Unless a particular bishop has forbidden it, any bishop may preach throughout the Catholic Church and any priest or deacon may also preach anywhere (presuming the permission of local pastor) unless his faculty to preach has been restricted or removed.
The cathedral of a diocese contains a special chair, called a cathedra, sometimes referred to as a throne, set aside in the sanctuary for the exclusive use of its Ordinary; it symbolises his spiritual and ecclesiastical authority.
Additional titles and roles
Bishops may fill additional roles in the Catholic Church including the following:
The pope is the man who possesses the sacrament of Holy Orders as a bishop and who has been chosen to be Bishop of Rome. Because the Catholic Church holds that the "College of Bishops" as a group is the successor of the "College of Apostles", the bishops of the Church in ecumenical council have the authority to govern the Church. However, the Church also holds that uniquely among the apostles Saint Peter was granted a role of leadership and authority, giving him the right to speak for the Church and making his leadership necessary for the completion of the College. Hence, Catholicism holds that the Bishop of Rome, as successor of Peter, possesses this role: the Pope, uniquely among bishops, may speak for the whole Church, and a council of bishops is incomplete without the approval of the pope. Papal pronouncements which meet the requirements of the decree on papal infallibility of the First Vatican Council, and no others, even in matters of faith and morals, are deemed to be infallible. Papal infallibility has been invoked only once since the doctrine was instituted, in the case of Pius XII's declaration of the Assumption of Mary in 1950.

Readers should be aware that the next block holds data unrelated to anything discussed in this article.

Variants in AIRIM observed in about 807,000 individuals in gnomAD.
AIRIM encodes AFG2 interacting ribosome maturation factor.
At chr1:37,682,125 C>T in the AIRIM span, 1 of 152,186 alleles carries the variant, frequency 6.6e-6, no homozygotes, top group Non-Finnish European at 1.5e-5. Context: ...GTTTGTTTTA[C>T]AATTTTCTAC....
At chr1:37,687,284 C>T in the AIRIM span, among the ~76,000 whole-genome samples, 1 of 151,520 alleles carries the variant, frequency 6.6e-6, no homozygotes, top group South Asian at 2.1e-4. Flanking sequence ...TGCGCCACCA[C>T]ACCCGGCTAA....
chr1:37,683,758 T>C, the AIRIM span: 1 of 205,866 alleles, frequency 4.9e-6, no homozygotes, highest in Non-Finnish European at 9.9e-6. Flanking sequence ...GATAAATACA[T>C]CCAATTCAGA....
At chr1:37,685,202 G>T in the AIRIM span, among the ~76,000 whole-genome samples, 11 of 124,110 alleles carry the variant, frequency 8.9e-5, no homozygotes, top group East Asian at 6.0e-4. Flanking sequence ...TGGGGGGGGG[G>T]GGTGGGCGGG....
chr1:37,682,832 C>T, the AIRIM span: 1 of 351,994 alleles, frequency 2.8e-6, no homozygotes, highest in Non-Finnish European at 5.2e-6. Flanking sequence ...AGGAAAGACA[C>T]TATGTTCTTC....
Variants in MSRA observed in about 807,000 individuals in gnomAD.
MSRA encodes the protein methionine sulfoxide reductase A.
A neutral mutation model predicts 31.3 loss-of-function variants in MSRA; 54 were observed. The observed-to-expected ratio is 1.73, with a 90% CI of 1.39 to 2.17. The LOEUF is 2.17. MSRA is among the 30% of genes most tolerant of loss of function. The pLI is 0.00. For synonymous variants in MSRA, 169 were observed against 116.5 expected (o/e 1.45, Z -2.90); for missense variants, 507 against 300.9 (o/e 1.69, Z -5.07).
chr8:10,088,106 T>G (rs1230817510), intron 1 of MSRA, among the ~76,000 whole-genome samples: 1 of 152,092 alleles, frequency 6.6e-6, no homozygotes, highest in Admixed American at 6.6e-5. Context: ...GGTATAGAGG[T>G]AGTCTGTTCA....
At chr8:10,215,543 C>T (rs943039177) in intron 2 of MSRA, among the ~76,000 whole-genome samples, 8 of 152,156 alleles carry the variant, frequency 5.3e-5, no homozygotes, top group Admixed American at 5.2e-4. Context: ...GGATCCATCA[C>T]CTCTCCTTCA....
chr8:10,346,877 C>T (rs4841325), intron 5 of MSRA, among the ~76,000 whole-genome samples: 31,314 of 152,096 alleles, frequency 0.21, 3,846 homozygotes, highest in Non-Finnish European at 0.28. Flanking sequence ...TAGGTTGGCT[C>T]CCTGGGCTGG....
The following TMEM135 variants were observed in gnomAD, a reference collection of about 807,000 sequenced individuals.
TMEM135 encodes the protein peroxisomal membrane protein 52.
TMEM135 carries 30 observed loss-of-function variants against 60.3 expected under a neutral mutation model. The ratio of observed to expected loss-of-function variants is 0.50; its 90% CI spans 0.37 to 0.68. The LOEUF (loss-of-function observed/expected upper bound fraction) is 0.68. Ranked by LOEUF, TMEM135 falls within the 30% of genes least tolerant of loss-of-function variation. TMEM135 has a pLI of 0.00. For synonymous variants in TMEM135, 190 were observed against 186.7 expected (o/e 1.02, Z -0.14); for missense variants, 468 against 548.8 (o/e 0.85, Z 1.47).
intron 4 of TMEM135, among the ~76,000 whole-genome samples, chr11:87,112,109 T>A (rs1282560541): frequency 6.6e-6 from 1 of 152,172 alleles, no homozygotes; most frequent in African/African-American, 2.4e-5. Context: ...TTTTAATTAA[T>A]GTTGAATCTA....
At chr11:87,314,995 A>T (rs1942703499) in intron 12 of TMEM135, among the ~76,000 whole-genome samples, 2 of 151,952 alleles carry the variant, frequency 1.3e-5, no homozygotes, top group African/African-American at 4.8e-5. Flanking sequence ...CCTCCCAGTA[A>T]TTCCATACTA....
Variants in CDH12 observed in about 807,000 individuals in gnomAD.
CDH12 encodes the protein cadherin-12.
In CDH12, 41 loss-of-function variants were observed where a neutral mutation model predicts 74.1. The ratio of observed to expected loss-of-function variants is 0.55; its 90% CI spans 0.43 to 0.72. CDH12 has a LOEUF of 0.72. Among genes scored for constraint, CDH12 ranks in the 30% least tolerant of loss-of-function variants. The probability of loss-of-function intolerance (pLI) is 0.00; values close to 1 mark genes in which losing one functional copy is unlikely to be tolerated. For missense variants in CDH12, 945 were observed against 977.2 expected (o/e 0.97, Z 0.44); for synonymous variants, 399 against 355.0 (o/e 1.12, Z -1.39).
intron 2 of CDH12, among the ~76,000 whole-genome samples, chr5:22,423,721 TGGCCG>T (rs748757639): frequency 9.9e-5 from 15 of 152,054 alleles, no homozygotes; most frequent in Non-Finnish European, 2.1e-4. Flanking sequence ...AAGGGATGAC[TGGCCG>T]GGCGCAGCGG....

Catholicos is an Eastern title roughly similar to that of patriarch. In the Catholic Church it is applied to a prelate who is also a major archbishop.
Major archbishops are the heads of some of the Eastern Catholic Churches. The major archbishops' authority within their respective sui juris churches is equal to that of a patriarch, but they receive fewer ceremonial honours.
A cardinal is a member of the clergy appointed by the Pope to serve in the College of Cardinals. Members of the College aged under 80 elect a new pope, who is in practice always one of their number, on the death or resignation of the incumbent. Cardinals also serve as papal advisors and hold positions of authority within the structure of the Catholic Church. Under canon law, a man appointed a cardinal must normally be a bishop, or accept ordination as a bishop, but may seek papal permission to decline such ordination. Most cardinals are already bishops when appointed, the majority being archbishops of important archdioceses or patriarchates, others already serving as titular bishops in the Roman Curia. Recent popes have appointed a few priests, most of them renowned theologians, to the College of Cardinals, and these have been permitted to decline episcopal ordination.
A metropolitan bishop is an archbishop with minor jurisdiction over an ecclesiastical province; in practice this amounts to presiding at meetings and overseeing a diocese which has no bishop. In Eastern Catholicism a metropolitan may also be the head of an autocephalous, sui juris, or autonomous church when the number of adherents of that tradition is small. In the Latin Church, metropolitans are always archbishops; in many Eastern churches, the title is "metropolitan," with some of these churches using "archbishop" as a separate office.
Titular archbishop or titular bishop